Friday, July 21, 2017

In the first reading today we see the institution of a ritual so important that God told the nation of Israel to set it as the head of their calendar. The most important date of the year, the beginning of time itself, was held on the same day as the Passover sacrifice.

July 21, 2017

Friday of the Fifteenth Week in Ordinary Time

Lectionary: 393

EX 11:10—12:14

PS 116:12-13, 15 AND 16BC, 17-18

MT 12:1-8


In the first reading today we see the institution of a ritual so important that God told the nation of Israel to set it as the head of their calendar.   The most important date of the year, the beginning of time itself, was held on the same day as the Passover sacrifice.   The Jewish people did not just believe they were partaking of a new Passover each time, but that in some way they were transported outside of time back to the original Passover.   It wasn’t another Passover, not a new event, but the one and same event being made present to them in the ritual.  That’s quite a bit different than the theology that some have where it is just a ‘symbolic ritual.’   Where as some would say that it represents the original Passover, most would rather it be said that it “makes present” the Passover.

The New Testament authors, including St. Paul, were quick to say that Jesus was indeed our Passover.   It is in Christ that we find the true liberation from sin, the true freedom from the Egypt of this world.  We find it so hard though to not only trust that promise but even more so to live it out in our daily lives.   As children of God, we have been given the freedom to reject sin and to make choices that are not guided by our lower, base instincts.   We aren’t irrational animals at the mercy of our chemical reactions no matter how much some scientists would have you believe.   Our minds are greatly complex and above all the animal kingdom, as far as we know, we are the few that possess the ability to reason out our response and overrule our instinctual desires.  

There are two erroneous ways that people then look at the ‘rules’ of the Church.   Either they view them as a trap and constricting, something that takes away their freedom, or they tend to view them as something that must be followed at all costs, regardless of the result.  Christ reminds us in the Gospel today that these rules are what bring us freedom.  They aren’t there to make life miserable or to cause people to starve.   The Sabbath was created for man, to give man rest.   The rules aren’t there for the Sabbath as it has no need of them, it’s just a day.   They are there to give freedom and rest from the toils of the world.   To relax in the arms of our loving savior.  All of these rules, regulations, even canon law, are there to provide us a means of freeing ourselves.   To help us make correct decisions because our future doesn’t depend just on the moment and what feels right, but on where we will spend eternity.  Hell is real.   It’s not just something old people told kids to scare them decades ago.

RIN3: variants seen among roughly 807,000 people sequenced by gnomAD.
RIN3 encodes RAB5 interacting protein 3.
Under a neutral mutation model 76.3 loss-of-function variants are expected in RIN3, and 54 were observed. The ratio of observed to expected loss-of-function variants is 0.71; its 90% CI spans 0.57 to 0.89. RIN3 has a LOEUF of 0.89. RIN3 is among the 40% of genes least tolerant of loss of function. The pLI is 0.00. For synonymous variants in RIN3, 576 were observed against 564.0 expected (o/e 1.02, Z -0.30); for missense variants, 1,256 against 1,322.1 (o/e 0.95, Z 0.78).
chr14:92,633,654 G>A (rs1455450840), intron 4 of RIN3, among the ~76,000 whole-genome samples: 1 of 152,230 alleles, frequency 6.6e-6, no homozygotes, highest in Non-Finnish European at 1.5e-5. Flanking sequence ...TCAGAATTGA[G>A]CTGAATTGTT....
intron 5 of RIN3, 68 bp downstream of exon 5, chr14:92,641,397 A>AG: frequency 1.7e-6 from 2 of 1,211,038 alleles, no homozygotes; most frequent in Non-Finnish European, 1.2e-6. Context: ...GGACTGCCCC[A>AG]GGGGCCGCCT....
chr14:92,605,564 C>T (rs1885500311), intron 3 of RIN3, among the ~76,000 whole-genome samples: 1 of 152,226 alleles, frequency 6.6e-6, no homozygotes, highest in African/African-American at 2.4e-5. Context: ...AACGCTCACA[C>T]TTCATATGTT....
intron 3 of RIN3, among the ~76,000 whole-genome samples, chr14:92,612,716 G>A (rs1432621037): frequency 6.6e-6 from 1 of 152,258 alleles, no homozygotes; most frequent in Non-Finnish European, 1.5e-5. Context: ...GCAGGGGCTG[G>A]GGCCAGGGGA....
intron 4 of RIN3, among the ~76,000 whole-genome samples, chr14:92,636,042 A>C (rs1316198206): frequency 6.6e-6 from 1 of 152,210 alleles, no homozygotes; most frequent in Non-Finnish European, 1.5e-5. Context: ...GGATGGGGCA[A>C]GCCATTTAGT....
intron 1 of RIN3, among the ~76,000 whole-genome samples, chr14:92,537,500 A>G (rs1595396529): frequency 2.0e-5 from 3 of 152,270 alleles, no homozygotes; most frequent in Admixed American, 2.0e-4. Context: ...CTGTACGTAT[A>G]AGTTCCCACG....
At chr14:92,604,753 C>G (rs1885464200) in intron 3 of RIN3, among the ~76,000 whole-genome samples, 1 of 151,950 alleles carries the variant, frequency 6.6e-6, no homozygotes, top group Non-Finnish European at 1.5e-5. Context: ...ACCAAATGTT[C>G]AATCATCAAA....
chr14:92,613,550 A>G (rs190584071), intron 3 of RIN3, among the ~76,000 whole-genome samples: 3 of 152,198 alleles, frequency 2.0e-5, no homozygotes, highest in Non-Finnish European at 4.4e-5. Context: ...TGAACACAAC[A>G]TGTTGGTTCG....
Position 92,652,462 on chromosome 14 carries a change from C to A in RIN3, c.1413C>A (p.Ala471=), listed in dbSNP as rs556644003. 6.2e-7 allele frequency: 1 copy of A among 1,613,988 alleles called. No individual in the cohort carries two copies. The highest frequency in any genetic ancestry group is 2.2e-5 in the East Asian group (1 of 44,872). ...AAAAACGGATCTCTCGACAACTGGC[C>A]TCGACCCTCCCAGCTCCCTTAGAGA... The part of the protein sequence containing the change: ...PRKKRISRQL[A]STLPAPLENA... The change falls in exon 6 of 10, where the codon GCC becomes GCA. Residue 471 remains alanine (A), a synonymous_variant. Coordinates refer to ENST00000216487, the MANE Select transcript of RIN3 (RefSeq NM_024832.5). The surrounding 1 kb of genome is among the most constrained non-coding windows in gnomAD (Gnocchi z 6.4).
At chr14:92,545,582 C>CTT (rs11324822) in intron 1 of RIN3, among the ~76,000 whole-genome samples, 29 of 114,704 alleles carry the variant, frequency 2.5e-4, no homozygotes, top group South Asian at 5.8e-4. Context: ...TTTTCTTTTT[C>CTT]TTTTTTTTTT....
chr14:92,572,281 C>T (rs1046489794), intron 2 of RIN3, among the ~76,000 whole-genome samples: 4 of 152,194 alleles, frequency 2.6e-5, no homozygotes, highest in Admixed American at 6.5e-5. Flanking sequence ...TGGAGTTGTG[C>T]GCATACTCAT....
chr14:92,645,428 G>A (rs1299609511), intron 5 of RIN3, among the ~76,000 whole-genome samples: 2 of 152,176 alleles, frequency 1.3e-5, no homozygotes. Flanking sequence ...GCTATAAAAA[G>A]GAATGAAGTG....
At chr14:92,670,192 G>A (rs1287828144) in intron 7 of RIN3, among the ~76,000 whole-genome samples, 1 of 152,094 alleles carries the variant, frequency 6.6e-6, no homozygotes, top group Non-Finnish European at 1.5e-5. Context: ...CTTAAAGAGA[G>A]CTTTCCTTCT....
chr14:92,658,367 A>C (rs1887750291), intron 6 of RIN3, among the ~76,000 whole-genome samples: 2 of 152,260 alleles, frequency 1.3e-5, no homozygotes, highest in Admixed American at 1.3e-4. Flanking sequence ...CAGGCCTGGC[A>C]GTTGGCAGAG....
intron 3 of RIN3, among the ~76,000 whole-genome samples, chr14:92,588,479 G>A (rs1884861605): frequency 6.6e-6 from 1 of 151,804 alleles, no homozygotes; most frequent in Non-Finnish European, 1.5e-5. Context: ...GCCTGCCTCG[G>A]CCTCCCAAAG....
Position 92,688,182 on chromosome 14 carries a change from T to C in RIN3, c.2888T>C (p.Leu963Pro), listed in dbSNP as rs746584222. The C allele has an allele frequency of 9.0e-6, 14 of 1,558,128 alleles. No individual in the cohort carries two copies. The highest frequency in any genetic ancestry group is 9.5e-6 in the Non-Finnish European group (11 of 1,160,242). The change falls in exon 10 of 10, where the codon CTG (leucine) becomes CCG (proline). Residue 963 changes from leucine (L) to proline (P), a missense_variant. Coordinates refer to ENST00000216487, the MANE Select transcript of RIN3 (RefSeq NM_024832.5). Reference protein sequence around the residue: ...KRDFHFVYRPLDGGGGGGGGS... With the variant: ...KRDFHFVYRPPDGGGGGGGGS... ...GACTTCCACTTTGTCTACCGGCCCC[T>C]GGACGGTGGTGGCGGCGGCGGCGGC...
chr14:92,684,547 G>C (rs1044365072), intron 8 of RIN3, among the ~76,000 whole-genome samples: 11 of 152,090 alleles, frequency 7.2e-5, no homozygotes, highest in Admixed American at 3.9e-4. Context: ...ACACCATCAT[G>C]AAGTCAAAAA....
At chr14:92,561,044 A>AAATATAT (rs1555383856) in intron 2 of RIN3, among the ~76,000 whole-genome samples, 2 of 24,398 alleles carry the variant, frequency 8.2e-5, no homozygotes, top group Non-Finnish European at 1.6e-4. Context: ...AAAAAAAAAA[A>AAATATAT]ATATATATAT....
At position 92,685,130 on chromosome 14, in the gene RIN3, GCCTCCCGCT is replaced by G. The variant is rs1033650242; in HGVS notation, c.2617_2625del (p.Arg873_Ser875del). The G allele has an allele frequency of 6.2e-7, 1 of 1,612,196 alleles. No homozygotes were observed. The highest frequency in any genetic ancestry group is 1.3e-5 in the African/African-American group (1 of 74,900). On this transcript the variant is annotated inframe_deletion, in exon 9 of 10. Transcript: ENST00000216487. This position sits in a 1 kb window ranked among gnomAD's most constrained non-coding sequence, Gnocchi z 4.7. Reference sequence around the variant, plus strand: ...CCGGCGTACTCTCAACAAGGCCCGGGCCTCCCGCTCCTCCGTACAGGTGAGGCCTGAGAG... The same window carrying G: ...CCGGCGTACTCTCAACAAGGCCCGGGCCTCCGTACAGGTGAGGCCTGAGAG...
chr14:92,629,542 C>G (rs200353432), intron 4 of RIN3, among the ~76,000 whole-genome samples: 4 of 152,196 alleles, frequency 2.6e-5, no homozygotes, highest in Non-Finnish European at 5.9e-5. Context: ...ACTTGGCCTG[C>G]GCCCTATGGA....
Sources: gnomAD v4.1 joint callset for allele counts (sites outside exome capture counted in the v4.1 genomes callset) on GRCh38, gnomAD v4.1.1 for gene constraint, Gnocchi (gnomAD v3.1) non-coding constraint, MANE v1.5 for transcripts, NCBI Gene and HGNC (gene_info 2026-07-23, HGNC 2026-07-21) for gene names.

With that in mind, that’s why we are so serious as Catholics about the Eucharist.  Many say we should just open the table to anyone who wants to come, any age, race or creed.  St. Paul had a different statement about the Eucharist, he said that anyone who receives it unworthily is guilty of the body and blood of Christ. (1 Corinthians 11:27).   He also reaffirmed time and again that the bread and wine we receive are not just bread and wine, but truly the body and blood of Christ.  When one steps forward in a Catholic Church to receive Christ in the Eucharist, that Amen they say?   That is a statement that means “This is true.  I believe.”   What is true?  All of it.  Everything the Church teaches and everything it believes, I also believe.   That’s a big statement and an even bigger responsibility.  If it were just bread and wine, or even crackers and grape juice… that Amen doesn’t mean much.   But if it’s truly what we believe… Christ himself… body, soul, divinity….. Do we approach it as such?  How important is it in our lives?   If Christ is our passover, is He the first thing in our calendar? Or just something we add in when we find time? If like the Jewish Passover, the Eucharist transports you back in time making present the Cross at Calvary, how reverent and cautious should we be kneeling at the foot of The Cross?